“Some of the Bundjalung brothers and sisters call us the space people,” Phico supplies as the shaman stares through his thoughts and concentrates on the makings in his lap. “I’ve heard the same from the Gumbaynggirr,” Ram agrees while his mind circles a recollected image of Amber’s face; her beautiful symmetrical features artfully rearranged by the bliss of their loving and surrounded by a constellation of glittering rainbow stars. He closes his mouth as he realises last night’s trip is still altering his perceptions and expanding his thoughts along unchartable trajectories, even as his body struggles to adjust to a brand new bright day in a shiny new universe.
The previous night’s acid-fuelled gift of the gab appears to have momentarily deserted him, leaving a remnant gaggle of half processed flotsam in its wake. He watches Maryanne’s bare toes slip through wood fragments and ashes, incidentally sliding against the jumpsuited man’s dirt-caked instep. The stranger observes her expressionless face from the corners of downcast eyes as she throws a faggot into the flames. A scattering of sparks burst from the confines of the shallow stone pit, soaring all the way up through the low wattle canopy. Beams of morning sunlight dance through the smoke as a kookaburra begins cackling at the hilarious sight of cloth-draped naked apes engaged in their usual antics.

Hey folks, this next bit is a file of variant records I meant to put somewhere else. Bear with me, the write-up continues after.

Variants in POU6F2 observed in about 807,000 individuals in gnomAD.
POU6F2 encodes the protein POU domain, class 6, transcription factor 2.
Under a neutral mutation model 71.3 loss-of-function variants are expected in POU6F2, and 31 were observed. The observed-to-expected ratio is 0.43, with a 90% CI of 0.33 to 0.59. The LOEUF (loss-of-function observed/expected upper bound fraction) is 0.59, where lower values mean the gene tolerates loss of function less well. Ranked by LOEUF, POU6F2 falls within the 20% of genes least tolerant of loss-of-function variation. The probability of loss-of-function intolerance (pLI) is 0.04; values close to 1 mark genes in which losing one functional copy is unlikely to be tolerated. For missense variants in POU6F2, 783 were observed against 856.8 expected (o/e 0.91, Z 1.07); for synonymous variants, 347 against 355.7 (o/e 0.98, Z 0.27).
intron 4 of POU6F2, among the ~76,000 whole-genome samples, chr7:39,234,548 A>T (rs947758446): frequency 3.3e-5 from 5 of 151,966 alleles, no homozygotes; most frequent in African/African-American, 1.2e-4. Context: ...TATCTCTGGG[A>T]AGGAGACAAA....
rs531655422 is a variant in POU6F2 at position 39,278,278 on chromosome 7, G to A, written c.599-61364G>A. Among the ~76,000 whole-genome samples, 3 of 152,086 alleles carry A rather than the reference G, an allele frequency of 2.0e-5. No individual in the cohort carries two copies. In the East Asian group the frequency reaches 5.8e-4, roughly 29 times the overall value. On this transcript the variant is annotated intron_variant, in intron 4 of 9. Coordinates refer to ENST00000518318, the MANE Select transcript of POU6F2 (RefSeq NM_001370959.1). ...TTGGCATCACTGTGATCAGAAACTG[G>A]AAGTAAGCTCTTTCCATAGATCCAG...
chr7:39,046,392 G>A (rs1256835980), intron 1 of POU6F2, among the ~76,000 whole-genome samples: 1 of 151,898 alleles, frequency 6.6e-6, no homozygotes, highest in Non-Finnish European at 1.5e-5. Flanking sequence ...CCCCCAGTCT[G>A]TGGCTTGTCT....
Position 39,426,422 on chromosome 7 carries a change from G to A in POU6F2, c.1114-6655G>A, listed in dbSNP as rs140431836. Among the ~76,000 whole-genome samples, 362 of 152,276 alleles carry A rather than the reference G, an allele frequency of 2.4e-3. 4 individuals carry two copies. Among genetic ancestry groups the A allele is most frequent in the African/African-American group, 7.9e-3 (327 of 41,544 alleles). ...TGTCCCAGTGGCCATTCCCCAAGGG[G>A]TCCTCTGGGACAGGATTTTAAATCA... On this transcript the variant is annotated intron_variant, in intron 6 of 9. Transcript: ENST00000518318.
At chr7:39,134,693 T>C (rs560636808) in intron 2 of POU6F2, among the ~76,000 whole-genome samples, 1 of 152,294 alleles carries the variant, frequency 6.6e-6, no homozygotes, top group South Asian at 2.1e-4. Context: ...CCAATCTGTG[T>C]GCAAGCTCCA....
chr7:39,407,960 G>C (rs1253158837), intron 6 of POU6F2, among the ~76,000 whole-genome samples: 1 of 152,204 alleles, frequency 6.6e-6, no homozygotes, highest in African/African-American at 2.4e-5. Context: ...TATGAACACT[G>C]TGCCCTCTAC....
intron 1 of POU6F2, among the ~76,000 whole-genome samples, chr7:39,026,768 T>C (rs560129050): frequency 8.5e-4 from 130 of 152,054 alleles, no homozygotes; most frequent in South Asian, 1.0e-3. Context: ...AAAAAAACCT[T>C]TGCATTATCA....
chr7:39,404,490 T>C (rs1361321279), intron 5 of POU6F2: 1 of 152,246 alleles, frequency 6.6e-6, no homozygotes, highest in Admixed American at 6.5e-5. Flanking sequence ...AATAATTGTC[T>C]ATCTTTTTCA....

A vision of Amber’s mysterious smile lingers amidst the flickering flames. Her irises flare from the flurry of sparks and swirl around the coal black cores of her pupils. The fire is transparently wan and colourless beneath the bright blast of photons pouring down from the blazing Sun, but Amber’s eyes shine as brightly as the stranger’s orange jumpsuit in Ram’s inner sight. The Asian woman’s irises become twin flickering toroids; stencils cut from the newcomer’s fluorescent fabric and warped by the intervening flames, mesmerising the shaman with magnetic recollections of her enthralling presence.
Even after his cleansing swim he still smells a trace of Amber’s scent in his beard. He can feel the extraordinary feverish heat of her flesh impressed in his plasm, tautly pressing against and around him. He shivers in the sunny morning warmth while, all over his body, atrophied hackles of fine primate hairs lift away from his skin and stand at attention.
The Professor leans forward on his creaky folding camp chair to stroke Maryanne’s spine through her summery green cotton dress. She stiffens beneath the proprietary signal of his compulsive massage as the other young man averts his gaze, looking back into the flames. “So you reckon it’s just all bullshit?” the Professor drawls as his fingers knead Maryanne’s shoulder. “All this stuff about reverse engineered flying saucers?”